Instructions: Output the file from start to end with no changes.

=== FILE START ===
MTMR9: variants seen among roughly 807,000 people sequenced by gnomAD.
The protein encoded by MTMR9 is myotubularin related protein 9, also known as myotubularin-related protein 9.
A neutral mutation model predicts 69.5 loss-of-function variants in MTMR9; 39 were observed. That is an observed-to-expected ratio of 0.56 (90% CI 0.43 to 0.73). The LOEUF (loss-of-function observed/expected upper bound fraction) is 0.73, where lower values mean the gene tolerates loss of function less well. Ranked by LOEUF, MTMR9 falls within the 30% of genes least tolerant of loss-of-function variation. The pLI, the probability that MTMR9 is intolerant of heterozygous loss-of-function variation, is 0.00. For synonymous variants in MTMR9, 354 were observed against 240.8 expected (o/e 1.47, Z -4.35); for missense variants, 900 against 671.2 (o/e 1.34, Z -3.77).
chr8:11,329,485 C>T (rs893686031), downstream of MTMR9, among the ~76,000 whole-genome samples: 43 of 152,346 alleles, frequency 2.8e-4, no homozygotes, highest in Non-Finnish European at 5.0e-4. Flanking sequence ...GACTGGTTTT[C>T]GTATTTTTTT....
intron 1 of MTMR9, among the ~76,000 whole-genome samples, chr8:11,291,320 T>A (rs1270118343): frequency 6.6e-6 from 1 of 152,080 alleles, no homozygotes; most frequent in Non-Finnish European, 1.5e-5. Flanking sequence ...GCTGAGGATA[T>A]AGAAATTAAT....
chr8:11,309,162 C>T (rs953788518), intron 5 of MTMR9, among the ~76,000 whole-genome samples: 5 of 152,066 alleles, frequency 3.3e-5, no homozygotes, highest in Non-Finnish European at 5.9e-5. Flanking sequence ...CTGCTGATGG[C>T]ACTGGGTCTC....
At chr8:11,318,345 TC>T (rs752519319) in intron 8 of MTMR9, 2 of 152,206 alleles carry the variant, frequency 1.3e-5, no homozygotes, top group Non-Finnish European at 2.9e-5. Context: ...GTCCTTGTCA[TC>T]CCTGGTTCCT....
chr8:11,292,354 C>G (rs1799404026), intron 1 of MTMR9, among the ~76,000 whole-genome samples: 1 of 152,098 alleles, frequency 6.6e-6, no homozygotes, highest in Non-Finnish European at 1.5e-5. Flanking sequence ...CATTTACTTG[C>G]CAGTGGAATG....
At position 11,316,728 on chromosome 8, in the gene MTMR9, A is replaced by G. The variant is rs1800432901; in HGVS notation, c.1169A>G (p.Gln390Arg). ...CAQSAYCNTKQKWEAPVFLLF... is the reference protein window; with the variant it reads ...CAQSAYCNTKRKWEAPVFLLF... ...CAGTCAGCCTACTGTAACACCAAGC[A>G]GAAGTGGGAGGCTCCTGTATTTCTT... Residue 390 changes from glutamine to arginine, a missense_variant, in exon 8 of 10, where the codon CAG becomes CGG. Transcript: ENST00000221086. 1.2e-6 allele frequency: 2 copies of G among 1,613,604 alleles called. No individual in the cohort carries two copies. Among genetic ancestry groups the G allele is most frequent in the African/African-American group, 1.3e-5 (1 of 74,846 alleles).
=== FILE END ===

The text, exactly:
MTMR9: variants seen among roughly 807,000 people sequenced by gnomAD.
The protein encoded by MTMR9 is myotubularin related protein 9, also known as myotubularin-related protein 9.
A neutral mutation model predicts 69.5 loss-of-function variants in MTMR9; 39 were observed. That is an observed-to-expected ratio of 0.56 (90% CI 0.43 to 0.73). The LOEUF (loss-of-function observed/expected upper bound fraction) is 0.73, where lower values mean the gene tolerates loss of function less well. Ranked by LOEUF, MTMR9 falls within the 30% of genes least tolerant of loss-of-function variation. The pLI, the probability that MTMR9 is intolerant of heterozygous loss-of-function variation, is 0.00. For synonymous variants in MTMR9, 354 were observed against 240.8 expected (o/e 1.47, Z -4.35); for missense variants, 900 against 671.2 (o/e 1.34, Z -3.77).
chr8:11,329,485 C>T (rs893686031), downstream of MTMR9, among the ~76,000 whole-genome samples: 43 of 152,346 alleles, frequency 2.8e-4, no homozygotes, highest in Non-Finnish European at 5.0e-4. Flanking sequence ...GACTGGTTTT[C>T]GTATTTTTTT....
intron 1 of MTMR9, among the ~76,000 whole-genome samples, chr8:11,291,320 T>A (rs1270118343): frequency 6.6e-6 from 1 of 152,080 alleles, no homozygotes; most frequent in Non-Finnish European, 1.5e-5. Flanking sequence ...GCTGAGGATA[T>A]AGAAATTAAT....
chr8:11,309,162 C>T (rs953788518), intron 5 of MTMR9, among the ~76,000 whole-genome samples: 5 of 152,066 alleles, frequency 3.3e-5, no homozygotes, highest in Non-Finnish European at 5.9e-5. Flanking sequence ...CTGCTGATGG[C>T]ACTGGGTCTC....
At chr8:11,318,345 TC>T (rs752519319) in intron 8 of MTMR9, 2 of 152,206 alleles carry the variant, frequency 1.3e-5, no homozygotes, top group Non-Finnish European at 2.9e-5. Context: ...GTCCTTGTCA[TC>T]CCTGGTTCCT....
chr8:11,292,354 C>G (rs1799404026), intron 1 of MTMR9, among the ~76,000 whole-genome samples: 1 of 152,098 alleles, frequency 6.6e-6, no homozygotes, highest in Non-Finnish European at 1.5e-5. Flanking sequence ...CATTTACTTG[C>G]CAGTGGAATG....
At position 11,316,728 on chromosome 8, in the gene MTMR9, A is replaced by G. The variant is rs1800432901; in HGVS notation, c.1169A>G (p.Gln390Arg). ...CAQSAYCNTKQKWEAPVFLLF... is the reference protein window; with the variant it reads ...CAQSAYCNTKRKWEAPVFLLF... ...CAGTCAGCCTACTGTAACACCAAGC[A>G]GAAGTGGGAGGCTCCTGTATTTCTT... Residue 390 changes from glutamine to arginine, a missense_variant, in exon 8 of 10, where the codon CAG becomes CGG. Transcript: ENST00000221086. 1.2e-6 allele frequency: 2 copies of G among 1,613,604 alleles called. No individual in the cohort carries two copies. Among genetic ancestry groups the G allele is most frequent in the African/African-American group, 1.3e-5 (1 of 74,846 alleles).